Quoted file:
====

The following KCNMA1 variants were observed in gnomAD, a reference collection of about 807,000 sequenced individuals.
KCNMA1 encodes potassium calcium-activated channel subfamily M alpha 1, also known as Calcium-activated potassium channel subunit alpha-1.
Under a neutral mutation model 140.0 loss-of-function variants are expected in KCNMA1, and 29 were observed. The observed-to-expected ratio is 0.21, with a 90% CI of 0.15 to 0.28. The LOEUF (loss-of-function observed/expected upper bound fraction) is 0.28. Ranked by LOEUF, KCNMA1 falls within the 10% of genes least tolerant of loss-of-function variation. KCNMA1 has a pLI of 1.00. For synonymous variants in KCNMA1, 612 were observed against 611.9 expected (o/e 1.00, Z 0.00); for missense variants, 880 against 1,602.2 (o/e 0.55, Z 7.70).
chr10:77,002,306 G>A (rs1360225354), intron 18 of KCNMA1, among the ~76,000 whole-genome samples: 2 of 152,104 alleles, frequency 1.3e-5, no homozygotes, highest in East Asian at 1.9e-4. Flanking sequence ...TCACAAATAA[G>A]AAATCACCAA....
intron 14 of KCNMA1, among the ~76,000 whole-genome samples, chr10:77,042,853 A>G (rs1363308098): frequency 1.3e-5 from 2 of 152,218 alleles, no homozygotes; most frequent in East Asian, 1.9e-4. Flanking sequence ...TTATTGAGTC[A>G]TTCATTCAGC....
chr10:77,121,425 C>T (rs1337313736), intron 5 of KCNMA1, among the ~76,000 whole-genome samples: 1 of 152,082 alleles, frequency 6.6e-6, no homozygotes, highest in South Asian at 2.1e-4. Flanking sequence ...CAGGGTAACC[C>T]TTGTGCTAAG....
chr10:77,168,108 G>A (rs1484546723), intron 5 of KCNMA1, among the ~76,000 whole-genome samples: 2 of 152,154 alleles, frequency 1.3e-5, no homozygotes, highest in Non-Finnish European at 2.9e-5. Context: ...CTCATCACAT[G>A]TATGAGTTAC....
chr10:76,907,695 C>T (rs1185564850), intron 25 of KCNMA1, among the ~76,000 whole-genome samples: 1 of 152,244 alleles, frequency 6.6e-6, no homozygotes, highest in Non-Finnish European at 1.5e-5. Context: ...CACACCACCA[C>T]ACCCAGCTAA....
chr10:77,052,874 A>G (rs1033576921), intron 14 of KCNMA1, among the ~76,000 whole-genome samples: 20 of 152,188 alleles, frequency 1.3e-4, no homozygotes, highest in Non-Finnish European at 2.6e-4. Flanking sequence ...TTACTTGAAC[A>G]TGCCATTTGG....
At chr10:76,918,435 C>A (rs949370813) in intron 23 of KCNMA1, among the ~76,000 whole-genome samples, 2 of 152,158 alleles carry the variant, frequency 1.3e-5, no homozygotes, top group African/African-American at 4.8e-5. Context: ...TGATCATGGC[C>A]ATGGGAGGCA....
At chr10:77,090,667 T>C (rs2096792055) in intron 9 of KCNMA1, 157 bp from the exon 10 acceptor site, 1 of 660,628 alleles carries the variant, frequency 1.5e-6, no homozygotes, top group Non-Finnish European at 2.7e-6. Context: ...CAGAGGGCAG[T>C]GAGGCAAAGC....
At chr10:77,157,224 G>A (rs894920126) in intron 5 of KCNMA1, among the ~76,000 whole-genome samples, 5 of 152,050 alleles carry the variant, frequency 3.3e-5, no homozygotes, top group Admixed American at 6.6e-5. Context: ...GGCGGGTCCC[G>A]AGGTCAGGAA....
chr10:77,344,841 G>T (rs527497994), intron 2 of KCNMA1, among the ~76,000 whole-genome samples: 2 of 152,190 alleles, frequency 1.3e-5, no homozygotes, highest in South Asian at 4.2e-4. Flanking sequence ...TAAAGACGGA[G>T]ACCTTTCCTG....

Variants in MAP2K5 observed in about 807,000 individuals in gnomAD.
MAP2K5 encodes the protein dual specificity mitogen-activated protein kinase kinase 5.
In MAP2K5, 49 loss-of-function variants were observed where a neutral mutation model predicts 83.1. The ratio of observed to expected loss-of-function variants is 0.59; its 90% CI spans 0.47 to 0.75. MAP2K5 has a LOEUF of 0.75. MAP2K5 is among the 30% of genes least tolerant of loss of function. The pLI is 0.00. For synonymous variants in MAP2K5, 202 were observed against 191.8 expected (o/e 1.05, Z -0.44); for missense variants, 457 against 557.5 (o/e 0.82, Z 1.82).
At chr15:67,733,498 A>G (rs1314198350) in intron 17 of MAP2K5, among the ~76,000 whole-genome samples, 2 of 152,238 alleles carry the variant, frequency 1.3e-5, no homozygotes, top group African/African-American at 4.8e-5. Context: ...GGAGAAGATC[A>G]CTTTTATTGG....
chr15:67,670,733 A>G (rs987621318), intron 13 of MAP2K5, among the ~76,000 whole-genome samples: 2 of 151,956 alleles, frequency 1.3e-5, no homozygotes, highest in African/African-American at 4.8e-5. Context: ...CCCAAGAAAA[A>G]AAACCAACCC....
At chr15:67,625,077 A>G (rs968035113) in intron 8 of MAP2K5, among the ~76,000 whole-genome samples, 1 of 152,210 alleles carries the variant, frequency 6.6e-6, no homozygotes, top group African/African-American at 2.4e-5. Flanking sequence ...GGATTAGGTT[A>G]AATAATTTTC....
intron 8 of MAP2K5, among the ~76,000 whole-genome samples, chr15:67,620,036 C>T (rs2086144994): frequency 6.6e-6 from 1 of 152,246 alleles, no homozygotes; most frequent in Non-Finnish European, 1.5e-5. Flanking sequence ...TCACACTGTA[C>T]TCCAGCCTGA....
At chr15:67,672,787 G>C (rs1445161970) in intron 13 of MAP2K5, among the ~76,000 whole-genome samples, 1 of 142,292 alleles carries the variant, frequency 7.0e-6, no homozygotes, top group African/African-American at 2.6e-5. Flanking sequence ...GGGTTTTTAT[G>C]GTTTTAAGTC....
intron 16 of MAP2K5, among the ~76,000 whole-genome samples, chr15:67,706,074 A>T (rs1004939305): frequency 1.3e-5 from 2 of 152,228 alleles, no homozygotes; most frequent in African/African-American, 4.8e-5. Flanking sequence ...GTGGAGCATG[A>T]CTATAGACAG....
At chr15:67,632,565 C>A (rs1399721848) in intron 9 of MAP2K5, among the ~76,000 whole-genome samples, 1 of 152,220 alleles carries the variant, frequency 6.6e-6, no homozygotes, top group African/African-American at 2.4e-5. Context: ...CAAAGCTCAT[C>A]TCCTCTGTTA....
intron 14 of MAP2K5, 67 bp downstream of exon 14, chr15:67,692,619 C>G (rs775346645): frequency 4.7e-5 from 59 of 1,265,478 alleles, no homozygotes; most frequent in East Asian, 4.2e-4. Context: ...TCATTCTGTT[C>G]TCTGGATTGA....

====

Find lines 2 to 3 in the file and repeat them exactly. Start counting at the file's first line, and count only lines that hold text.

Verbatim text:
KCNMA1 encodes potassium calcium-activated channel subfamily M alpha 1, also known as Calcium-activated potassium channel subunit alpha-1.
Under a neutral mutation model 140.0 loss-of-function variants are expected in KCNMA1, and 29 were observed. The observed-to-expected ratio is 0.21, with a 90% CI of 0.15 to 0.28. The LOEUF (loss-of-function observed/expected upper bound fraction) is 0.28. Ranked by LOEUF, KCNMA1 falls within the 10% of genes least tolerant of loss-of-function variation. KCNMA1 has a pLI of 1.00. For synonymous variants in KCNMA1, 612 were observed against 611.9 expected (o/e 1.00, Z 0.00); for missense variants, 880 against 1,602.2 (o/e 0.55, Z 7.70).